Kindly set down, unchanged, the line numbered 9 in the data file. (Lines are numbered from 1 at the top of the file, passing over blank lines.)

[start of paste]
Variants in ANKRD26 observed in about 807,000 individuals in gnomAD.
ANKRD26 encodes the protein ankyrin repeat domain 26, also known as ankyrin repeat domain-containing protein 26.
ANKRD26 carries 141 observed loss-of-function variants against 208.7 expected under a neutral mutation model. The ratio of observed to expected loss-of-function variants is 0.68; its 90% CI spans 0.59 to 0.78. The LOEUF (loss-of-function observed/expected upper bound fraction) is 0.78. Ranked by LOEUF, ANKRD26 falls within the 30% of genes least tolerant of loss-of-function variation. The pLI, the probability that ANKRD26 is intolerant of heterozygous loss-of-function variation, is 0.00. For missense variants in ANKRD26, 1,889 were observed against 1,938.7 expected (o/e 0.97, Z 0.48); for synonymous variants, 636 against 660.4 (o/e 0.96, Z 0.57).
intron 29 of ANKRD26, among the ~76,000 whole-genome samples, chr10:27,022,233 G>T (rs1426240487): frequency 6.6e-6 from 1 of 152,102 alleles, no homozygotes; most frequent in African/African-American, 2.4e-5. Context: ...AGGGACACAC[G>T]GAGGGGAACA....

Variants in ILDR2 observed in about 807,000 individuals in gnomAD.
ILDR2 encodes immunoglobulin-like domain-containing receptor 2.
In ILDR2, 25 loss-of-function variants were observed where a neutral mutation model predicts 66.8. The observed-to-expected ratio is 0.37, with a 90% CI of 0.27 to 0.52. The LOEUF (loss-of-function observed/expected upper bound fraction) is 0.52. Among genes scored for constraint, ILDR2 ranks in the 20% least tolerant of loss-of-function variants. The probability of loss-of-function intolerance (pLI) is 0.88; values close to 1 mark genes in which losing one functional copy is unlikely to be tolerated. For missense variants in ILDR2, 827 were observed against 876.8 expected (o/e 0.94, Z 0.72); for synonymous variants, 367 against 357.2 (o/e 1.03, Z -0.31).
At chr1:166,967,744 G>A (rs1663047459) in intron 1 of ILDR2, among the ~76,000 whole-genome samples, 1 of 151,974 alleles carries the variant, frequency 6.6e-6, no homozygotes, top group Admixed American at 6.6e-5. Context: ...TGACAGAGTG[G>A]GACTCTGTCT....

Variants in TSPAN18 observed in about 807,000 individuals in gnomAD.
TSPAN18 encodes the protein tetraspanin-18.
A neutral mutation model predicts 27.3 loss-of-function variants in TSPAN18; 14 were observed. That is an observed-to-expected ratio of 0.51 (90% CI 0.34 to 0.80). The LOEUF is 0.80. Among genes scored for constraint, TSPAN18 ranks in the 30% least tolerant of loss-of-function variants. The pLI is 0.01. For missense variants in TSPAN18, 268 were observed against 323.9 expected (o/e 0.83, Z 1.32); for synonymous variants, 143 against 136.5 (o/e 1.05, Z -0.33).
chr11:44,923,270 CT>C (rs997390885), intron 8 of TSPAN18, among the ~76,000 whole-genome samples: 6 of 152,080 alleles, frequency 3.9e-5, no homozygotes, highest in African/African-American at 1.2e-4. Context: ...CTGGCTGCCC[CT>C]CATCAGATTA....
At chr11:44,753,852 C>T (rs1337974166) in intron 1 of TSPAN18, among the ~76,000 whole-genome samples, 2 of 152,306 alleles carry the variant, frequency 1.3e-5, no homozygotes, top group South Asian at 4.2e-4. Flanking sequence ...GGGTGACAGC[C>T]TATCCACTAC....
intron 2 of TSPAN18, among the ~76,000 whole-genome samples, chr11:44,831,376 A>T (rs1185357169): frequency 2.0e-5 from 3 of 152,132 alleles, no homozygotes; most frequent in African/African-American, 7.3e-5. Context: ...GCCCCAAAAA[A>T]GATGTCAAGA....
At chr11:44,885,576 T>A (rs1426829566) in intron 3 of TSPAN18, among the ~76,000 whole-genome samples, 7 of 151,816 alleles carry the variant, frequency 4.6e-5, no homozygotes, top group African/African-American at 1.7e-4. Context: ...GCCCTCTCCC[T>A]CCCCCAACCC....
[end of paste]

Variants in TSPAN18 observed in about 807,000 individuals in gnomAD.